Brand clinic: Visual brand ID - science, not art

09 October, 2009
Page 20 

Don Williams, CEO of brand specialist Pi Global, continues his series looking at the secrets of building a strong brand

No one in their right mind thinks that a trip to a busy supermarket is fun. The purchase decision point is where the brand identity and packaging of fast moving consumer goods (FMCGs) have to work harder than any other medium in the communication mix: right next to competition; 24/7; tiny little canvases in a sea of at least 50,000 'noisy' SKUs.

There are two fundamentals that we should recognise when we create a brand ID and apply it to packaging design.

The supermarket is not an art gallery, it's a battlefield! Packaging is not brand ID and brand ID is not packaging.

Consumers want to shop quickly and confidently with no hassle. Serious brand ID and packaging design is a science. It isn't an art, it isn't about winning design awards, and it's absolutely not about likes or dislikes.

It's about providing visual foundations and a simple, understandable visual architecture from which a brand can grow with ease. It's also about understanding the dynamics of a particular market, category and retail environment. It's about doing the right thing, not necessarily the most creative thing. Ultimately, it's about adding long-term value to a company's brand and bottom line.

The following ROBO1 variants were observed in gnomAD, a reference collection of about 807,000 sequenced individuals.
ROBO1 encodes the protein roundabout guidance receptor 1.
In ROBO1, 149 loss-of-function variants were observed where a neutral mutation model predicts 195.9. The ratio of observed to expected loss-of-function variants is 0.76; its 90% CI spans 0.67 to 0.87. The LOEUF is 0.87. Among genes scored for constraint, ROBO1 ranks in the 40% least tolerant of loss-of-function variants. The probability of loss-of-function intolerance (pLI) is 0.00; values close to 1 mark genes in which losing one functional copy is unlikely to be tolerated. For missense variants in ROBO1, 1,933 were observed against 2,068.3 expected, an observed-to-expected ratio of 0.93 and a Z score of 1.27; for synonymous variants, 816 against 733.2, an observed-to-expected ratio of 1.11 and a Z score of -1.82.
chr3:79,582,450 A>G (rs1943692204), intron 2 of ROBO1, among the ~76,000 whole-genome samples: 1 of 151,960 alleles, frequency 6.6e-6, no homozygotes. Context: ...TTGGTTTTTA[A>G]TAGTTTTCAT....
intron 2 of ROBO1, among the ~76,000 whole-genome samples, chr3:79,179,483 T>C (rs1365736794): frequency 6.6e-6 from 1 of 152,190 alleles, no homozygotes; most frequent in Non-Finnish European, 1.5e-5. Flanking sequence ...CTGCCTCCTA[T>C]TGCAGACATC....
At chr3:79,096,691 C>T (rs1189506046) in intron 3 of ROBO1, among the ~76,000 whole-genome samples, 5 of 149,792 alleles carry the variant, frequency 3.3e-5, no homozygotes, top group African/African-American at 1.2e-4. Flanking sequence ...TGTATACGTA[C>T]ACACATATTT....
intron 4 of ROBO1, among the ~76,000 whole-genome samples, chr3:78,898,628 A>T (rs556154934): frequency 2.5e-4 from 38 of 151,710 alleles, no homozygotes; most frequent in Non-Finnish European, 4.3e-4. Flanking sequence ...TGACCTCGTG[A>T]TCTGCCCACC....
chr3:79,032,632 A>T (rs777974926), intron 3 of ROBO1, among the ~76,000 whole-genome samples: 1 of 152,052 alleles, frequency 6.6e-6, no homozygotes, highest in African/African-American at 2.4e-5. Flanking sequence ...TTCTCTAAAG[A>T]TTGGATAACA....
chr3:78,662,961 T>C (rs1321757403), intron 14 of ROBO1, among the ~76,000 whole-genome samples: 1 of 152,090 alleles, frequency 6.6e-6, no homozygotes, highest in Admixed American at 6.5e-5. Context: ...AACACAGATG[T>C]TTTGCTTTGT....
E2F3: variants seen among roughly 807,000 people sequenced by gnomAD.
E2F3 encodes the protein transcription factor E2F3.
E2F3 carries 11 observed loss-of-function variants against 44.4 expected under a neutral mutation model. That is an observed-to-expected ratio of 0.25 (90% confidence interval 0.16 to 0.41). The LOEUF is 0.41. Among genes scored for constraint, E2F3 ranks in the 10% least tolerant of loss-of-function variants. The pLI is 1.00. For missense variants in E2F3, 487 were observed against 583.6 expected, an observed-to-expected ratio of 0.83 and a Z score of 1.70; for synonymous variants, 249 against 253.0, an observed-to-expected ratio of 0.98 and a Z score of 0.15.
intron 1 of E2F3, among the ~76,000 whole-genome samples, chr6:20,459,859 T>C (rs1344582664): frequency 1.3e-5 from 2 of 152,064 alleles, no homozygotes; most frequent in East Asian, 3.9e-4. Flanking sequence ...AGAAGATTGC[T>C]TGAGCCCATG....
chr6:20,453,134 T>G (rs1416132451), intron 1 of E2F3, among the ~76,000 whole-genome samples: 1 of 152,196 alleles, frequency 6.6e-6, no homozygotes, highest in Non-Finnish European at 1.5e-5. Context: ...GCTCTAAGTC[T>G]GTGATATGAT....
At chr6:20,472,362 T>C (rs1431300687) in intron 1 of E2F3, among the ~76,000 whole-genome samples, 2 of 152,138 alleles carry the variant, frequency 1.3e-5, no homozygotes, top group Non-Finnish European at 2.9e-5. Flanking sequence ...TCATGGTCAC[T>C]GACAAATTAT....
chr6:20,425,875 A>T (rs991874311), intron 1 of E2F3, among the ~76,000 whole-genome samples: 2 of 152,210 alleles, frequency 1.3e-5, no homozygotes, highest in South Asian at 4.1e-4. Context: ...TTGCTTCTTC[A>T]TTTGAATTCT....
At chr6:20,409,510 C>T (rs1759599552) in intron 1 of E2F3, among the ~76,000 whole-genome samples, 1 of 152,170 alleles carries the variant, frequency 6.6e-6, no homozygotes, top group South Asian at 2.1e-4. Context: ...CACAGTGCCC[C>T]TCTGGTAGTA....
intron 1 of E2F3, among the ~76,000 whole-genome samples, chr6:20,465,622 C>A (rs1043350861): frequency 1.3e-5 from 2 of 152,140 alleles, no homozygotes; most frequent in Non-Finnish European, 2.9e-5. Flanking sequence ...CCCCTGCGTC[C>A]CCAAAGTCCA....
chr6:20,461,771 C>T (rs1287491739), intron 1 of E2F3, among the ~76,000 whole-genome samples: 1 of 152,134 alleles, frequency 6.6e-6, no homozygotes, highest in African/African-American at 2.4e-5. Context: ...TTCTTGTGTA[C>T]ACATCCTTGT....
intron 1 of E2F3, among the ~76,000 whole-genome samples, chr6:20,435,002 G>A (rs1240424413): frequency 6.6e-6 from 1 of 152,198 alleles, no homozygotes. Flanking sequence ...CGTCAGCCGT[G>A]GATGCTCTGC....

Corporate brands understand the importance and fiscal value of consistently promoting and protecting their brand IDs. Think of relatively young brands like Apple, Vodafone or Nike. Picture them in your mind and then draw the brand, I'll guarantee you don't write their names. They have created simple iconic brand triggers that instantly provide consumers with brand recognition and recall of investment in communication at every single consumer touch-point.

FMCG brands are slowly catching on but there's a very long way to go. Hovis is an iconic brand, which has only recently been provided with a strong visual ID. The 'beans' design was in my view either tactical or a mistake, it certainly wasn't strategic and, whilst it may have given the brand a short-term boost (as a promotion would), it didn't provide any visual foundation for the long-term. In short, it was merely a fun pack design.

A brand needs to be learned by consumers. The more we change its face, the more we have to re-educate and, perversely, we achieve the double whammy of loss of recognition and huge communication spends for that privilege.

A strong brand ID allows packaging to change without losing that recognition. Great brand IDs don't come and go, they evolve.





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